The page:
As for attracting new employers, I believe we have made progress in recent years at changing the tone at City Hall. However, there is still a perception out there that we are not welcoming to new business. Whether that is a fair assessment of the situation or not, others perception is their reality and they won't move here until we take steps to change that perception. I believe that we could pre-plan and pre-approve some infill projects, including the Farmland site, and shop those to developers. That would be another pro-active approach to economic development that might speak louder than words.
I would also like to see the City partner a bit more with the chamber on the actual site visits of companies. I'd like to add some dynamic speakers to the group that represent some of the finest things in Lawrence. Susan Tate, for instance, could spend about 10 minutes talking about the arts and creative culture in Lawrence to ensure that we differentiate ourselves from competitors. There are many other people and other topics that could be discussed, but just wanted to give an example.


Many people believe that achieving a consensus is a good way to lead. Other's believe when they get elected they are elected with a mandate to accomplish certain things, regardless of consensus...

What are your thoughts on small vocal groups guiding the process and the thought that consensus must be reached with them.

Hugh Carter:

As a planning commissioner, I did hear from many special interests, i.e chamber, neighborhood associations, developers, etc. I believe in listening to divergent views. In fact, I want as much input as possible before making a decision. Once I'm comfortable that I have enough information, I will make a decision based on what I believe is best for all of Lawrence. That seldom means true consensus. But, I believe good leaders need to be ready to act in a decisive manner for the whole of the community.
I am not an issues candidate. I have no axe to grind and no constituency to represent. If elected, I will work to hear from all stakeholders before making a decision, knowing that all stakeholders cannot be pleased with every decision.


How about revisiting the Lawrence fireworks ban since it seems it is never enforced. Any consideration in doing away with the ban?

Hugh Carter:

I would not be in favor of lifting the fireworks ban. Enforcement is directly tied to the resources available to enforce this ban and I understand that we are running short-staffed in the police department. Perhaps a fully staffed police department would be better able to enforce this ban.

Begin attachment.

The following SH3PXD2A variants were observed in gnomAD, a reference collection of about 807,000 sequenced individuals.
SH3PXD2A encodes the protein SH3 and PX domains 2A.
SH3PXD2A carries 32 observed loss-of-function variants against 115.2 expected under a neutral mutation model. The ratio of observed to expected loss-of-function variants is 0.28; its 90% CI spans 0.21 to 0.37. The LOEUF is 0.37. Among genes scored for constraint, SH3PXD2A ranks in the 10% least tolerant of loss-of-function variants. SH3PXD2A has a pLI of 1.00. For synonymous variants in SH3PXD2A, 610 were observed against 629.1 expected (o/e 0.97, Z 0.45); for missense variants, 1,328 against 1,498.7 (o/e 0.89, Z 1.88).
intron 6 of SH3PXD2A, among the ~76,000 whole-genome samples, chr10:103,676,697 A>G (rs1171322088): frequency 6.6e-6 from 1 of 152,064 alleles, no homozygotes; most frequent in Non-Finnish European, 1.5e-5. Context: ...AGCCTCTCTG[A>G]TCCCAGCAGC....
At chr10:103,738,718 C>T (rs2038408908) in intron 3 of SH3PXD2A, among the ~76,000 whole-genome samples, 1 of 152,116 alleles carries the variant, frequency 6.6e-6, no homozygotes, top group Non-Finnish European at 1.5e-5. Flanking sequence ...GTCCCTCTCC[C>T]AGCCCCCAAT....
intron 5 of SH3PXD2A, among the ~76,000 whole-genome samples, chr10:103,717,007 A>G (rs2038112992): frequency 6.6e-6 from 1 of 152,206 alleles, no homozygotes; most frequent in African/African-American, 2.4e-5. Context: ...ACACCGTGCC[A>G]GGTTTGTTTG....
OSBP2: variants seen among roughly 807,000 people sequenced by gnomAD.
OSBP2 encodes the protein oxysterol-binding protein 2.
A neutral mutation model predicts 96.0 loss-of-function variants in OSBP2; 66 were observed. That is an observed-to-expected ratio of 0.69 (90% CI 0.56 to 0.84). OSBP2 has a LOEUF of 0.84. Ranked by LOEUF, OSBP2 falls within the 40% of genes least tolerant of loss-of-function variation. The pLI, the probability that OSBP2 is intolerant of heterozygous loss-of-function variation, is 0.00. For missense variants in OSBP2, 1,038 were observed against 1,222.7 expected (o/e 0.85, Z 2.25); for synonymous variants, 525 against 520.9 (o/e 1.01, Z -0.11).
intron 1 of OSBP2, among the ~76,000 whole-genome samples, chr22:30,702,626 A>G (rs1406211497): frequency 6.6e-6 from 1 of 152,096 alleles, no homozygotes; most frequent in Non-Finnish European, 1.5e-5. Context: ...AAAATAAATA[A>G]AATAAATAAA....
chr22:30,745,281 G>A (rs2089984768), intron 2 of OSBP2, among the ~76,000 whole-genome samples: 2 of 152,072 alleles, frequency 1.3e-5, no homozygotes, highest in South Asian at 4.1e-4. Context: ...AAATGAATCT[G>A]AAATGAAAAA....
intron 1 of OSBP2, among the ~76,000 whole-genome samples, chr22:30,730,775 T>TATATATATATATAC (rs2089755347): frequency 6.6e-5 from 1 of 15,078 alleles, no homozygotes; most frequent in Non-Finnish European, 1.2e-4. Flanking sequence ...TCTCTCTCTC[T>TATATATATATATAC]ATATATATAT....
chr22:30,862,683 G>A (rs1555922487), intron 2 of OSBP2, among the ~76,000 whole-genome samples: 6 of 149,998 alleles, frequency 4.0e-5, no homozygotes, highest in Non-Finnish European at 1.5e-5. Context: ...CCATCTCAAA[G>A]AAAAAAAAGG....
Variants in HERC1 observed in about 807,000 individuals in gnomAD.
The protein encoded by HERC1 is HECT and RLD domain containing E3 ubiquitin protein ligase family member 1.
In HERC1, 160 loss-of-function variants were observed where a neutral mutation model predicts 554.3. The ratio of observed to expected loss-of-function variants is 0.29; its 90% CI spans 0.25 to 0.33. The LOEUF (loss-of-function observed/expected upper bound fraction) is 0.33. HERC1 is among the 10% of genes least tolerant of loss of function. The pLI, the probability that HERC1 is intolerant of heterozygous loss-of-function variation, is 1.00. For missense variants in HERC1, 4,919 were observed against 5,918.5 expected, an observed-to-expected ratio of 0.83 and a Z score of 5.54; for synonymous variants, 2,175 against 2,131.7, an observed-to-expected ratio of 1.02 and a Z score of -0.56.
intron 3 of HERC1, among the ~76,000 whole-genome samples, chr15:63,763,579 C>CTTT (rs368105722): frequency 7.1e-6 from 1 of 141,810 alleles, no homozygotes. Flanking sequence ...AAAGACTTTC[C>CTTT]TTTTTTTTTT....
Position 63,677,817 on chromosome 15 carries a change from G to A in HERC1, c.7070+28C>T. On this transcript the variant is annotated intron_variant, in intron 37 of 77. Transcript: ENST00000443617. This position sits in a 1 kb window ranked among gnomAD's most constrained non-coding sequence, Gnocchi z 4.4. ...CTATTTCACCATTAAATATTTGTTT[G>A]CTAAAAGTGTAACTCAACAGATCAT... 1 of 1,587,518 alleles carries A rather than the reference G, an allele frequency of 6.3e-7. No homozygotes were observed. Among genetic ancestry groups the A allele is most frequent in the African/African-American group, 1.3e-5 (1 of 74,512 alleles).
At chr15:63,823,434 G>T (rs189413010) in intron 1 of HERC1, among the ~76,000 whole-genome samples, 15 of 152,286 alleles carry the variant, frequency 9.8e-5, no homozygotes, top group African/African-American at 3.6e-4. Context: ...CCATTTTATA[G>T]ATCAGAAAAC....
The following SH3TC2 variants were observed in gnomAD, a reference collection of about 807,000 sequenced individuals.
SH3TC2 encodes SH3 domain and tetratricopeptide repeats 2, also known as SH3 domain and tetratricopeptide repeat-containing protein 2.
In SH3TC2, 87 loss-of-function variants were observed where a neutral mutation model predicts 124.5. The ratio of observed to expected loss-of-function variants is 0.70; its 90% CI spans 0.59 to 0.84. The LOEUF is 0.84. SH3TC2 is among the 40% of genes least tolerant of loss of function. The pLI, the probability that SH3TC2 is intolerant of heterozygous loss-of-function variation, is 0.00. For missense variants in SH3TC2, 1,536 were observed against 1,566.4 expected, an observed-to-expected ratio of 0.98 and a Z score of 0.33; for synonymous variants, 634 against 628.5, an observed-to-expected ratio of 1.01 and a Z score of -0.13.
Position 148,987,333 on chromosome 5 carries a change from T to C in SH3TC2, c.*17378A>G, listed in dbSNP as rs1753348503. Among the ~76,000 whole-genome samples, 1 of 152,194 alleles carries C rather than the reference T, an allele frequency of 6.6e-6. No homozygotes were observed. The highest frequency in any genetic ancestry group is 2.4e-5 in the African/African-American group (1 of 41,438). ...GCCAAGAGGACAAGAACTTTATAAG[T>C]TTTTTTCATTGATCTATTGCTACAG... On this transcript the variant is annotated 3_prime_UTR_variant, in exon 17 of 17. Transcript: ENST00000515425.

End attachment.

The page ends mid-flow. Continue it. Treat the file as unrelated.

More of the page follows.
Who designed your yard signs?

Hugh Carter:

Kern Marketing Group. Lawrence, KS
Mark Kern, owner


This question is from online commenter Merrill. The question as submitted was a bit long, so I've shorten it some. Basically, Merrill would like to know whether you think the city's retail and housing markets are overbuilt. If you don't think they are, he wonders what evidence you are using to reach that conclusion.

Hugh Carter:

As a planning commissioner, this question came up often. I am not comfortable about having government step in to make that decision, The economy has been tough, but it is starting to recover. What may appear to be overbuilt now may be better utilized in a few years. I believe we need to let the market dictate how this plays out to an extent. However, I would like to look at some incentives to generate the type of development we would like to see. I'd like to see more affordable housing and more senior-friendly patio home neighborhoods with walking trails and nearby amenities.


Two part question:
What would you do to improve voter turnout in Lawrence for local elections?

Would you support holding local elections at the same time as national elections in November?

Hugh Carter:

I'm doing what I can to get voters engaged, and I'd love to know how we can be more successful at it!
I don't believe changing election dates is our call, though. That has been set by the State of Kansas.


Well, it has been an hour, so we're going to wrap this chat up. Thanks to everyone who submitted questions. And thanks, Hugh, for your time today. Any closing comments?

Hugh Carter:

Thank you, Chad. And thank you again to all participants and to those who will take the time to read this later.
I grew up in Lawrence and attended Lawrence public schools until I graduated in 1984. I have over 30 family members throughout this great community and I share your desire for a high quality of life.